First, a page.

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How do I defend myself in a college disciplinary hearing? Lawyer Advice.

As an education law attorney, I have dealt with disciplinary hearings. What many students may not know is that it is best to get an education lawyer involved at the beginning of the case. I am currently working with a student who hired me after he decided to go it alone. I am now handling his last chance - a Writ of Certiorari to the circuit court. This is basically an appeal filed with a state court to review what the school did. It is only available to those students who attend a public college or university. I believe I will get the school’s decision reversed. But it has not been easy. Why? Because there was not much of a record created, and that is a problem.

What is a record and why is it necessary in a college disciplinary hearing?

A record is what a reviewing court, agency, or committee has to look at in order to review what occurred before. In a state criminal case, for example, the appeals court only has a record to figure out what happened in the trial court. So things like transcripts, motions, and depositions comprise the record. Since the reviewing court was not there during the trial, it needs something to look at to figure out what went on below.

So what kinds of things make up a record for a disciplinary proceeding? Well, many times a college or university will not let a student to record the proceedings. That means you will not be able to get a court reporter to sit and transcribe everything that goes on. So what can you do to create a record. Here are a few suggestions.

1. Document, document, document!

That’s right, document things. Are you requesting that the hearing be postponed? Do it in writing. Did the school not permit you to look at the evidence they have to support the charges against you? Write a letter to the person in charge of the hearing making the school’s actions know and expressing your objection. Likewise, save any letters or notices that the school sends you and confirm any telephone conversations in writing. Doesn’t need to be anything fancy - a simple email is enough.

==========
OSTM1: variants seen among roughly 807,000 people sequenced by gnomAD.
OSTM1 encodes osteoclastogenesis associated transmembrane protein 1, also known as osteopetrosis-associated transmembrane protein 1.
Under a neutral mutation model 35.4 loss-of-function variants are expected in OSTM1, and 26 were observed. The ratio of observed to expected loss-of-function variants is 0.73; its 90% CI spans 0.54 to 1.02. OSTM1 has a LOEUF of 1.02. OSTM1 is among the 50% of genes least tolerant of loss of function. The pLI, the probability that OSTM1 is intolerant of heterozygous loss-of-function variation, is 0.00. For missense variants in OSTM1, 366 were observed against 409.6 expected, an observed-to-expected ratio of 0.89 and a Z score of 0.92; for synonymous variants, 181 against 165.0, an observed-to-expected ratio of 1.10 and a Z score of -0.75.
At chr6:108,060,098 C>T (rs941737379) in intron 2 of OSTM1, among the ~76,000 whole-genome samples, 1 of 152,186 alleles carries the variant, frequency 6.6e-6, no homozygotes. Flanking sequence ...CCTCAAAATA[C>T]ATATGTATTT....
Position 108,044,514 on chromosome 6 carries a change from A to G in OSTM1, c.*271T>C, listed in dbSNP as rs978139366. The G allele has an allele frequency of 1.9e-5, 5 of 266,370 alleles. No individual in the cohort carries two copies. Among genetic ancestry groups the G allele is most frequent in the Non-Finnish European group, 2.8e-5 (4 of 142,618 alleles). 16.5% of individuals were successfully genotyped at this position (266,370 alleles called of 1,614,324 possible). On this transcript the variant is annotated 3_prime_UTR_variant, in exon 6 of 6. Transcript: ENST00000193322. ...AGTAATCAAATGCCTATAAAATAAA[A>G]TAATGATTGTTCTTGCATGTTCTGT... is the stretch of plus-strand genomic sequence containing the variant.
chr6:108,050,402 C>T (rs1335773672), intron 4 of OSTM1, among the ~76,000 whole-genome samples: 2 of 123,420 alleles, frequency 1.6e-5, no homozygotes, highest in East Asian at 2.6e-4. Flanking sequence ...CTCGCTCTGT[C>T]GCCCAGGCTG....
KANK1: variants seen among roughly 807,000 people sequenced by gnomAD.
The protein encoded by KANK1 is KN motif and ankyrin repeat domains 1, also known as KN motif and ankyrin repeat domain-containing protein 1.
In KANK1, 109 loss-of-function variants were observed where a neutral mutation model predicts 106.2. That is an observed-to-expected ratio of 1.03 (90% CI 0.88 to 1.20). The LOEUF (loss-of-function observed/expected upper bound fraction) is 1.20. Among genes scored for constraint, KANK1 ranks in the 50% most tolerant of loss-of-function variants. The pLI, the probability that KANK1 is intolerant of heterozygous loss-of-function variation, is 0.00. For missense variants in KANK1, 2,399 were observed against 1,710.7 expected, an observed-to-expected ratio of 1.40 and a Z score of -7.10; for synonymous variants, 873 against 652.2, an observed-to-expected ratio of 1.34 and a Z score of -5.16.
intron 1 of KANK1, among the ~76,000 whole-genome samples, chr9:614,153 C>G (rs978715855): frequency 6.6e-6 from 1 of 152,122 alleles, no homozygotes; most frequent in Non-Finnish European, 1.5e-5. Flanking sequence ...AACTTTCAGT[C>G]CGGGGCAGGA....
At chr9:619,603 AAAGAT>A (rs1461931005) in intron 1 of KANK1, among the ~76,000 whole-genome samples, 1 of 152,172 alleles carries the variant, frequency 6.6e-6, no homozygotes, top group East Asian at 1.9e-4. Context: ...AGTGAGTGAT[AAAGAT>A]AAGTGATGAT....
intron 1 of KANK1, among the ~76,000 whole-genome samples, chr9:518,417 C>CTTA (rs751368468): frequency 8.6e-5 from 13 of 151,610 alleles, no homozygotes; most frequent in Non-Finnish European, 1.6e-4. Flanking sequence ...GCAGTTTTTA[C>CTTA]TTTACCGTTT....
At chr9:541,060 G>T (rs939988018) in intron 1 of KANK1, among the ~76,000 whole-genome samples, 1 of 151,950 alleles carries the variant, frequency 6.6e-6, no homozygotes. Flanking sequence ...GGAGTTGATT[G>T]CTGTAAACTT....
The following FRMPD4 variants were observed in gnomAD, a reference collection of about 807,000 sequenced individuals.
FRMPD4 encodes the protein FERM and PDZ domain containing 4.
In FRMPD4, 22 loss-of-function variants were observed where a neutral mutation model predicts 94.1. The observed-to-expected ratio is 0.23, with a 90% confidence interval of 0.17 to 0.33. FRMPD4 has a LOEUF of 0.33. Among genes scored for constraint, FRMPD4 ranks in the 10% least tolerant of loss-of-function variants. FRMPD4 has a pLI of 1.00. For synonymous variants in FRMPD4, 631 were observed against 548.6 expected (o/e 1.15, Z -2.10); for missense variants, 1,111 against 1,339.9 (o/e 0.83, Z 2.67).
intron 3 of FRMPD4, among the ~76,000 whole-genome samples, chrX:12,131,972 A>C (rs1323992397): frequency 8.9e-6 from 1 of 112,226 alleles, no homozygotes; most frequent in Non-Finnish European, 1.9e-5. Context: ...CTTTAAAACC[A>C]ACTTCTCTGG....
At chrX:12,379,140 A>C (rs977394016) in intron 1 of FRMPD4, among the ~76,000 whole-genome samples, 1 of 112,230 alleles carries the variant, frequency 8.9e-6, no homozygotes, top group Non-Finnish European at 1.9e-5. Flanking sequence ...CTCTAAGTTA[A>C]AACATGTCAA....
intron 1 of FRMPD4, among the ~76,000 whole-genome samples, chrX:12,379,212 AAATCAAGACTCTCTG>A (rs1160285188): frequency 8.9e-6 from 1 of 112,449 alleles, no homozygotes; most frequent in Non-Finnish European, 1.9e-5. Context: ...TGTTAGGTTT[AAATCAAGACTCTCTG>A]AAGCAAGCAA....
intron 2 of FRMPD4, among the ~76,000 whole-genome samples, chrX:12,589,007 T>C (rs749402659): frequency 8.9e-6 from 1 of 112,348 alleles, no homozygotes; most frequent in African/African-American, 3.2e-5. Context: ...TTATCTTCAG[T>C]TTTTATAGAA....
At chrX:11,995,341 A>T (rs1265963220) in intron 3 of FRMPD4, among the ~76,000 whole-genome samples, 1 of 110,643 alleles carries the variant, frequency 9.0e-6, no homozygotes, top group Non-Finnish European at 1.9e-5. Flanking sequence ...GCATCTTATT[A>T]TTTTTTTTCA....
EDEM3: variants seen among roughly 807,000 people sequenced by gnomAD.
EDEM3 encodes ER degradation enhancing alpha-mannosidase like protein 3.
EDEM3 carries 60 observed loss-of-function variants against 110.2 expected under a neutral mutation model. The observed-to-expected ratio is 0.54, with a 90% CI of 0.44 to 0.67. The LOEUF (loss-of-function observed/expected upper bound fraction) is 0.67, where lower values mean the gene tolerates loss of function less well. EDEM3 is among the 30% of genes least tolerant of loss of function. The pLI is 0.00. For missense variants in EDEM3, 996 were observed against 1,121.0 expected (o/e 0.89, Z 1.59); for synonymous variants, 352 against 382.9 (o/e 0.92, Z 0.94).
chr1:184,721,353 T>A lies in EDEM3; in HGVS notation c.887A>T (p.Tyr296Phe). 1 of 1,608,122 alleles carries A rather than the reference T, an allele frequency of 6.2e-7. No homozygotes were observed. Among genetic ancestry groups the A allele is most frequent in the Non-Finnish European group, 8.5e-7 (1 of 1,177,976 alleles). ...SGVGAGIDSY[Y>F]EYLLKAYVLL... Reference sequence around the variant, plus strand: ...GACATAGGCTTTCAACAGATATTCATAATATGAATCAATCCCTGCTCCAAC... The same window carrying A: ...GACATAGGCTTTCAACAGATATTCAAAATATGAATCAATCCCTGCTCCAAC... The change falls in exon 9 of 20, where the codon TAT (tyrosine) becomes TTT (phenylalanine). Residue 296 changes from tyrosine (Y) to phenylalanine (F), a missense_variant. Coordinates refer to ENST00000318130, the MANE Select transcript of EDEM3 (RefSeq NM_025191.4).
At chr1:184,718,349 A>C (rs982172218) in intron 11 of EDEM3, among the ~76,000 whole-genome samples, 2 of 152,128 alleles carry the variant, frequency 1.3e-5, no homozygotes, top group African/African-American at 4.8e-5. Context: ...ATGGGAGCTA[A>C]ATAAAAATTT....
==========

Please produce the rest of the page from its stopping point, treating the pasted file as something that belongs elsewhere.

2. Speak up - Let your objections be known.

Now is not the time to be shy. If during the hearing you feel your rights are being violated or procedures are not being followed, object. If you don’t say anything, then you probably can’t complain later. And since the hearing probably won’t be recorded, after the hearing is over send a letter to the hearing chairperson documenting what objections you raised, the basis for your objections, and how the committee ruled.

All of this is important in case you lose at the hearing stage. Having a proper record will put you in a much stronger position for your appeal to the school or beyond.

Richard Asselta is an award-winning education lawyer with offices in both Florida and New Jersey who offers services to college students throughout the United States. He is experienced in defending all types of student disciplinary issues including representing students in all types of college and university hearings. Call The Education Lawyers today for a free consultation and protect your educational future. (855) 338-5299

Click here to read what client's are saying about Richard Asselta on AVVO, a lawyer review website.

Categories: Education Law

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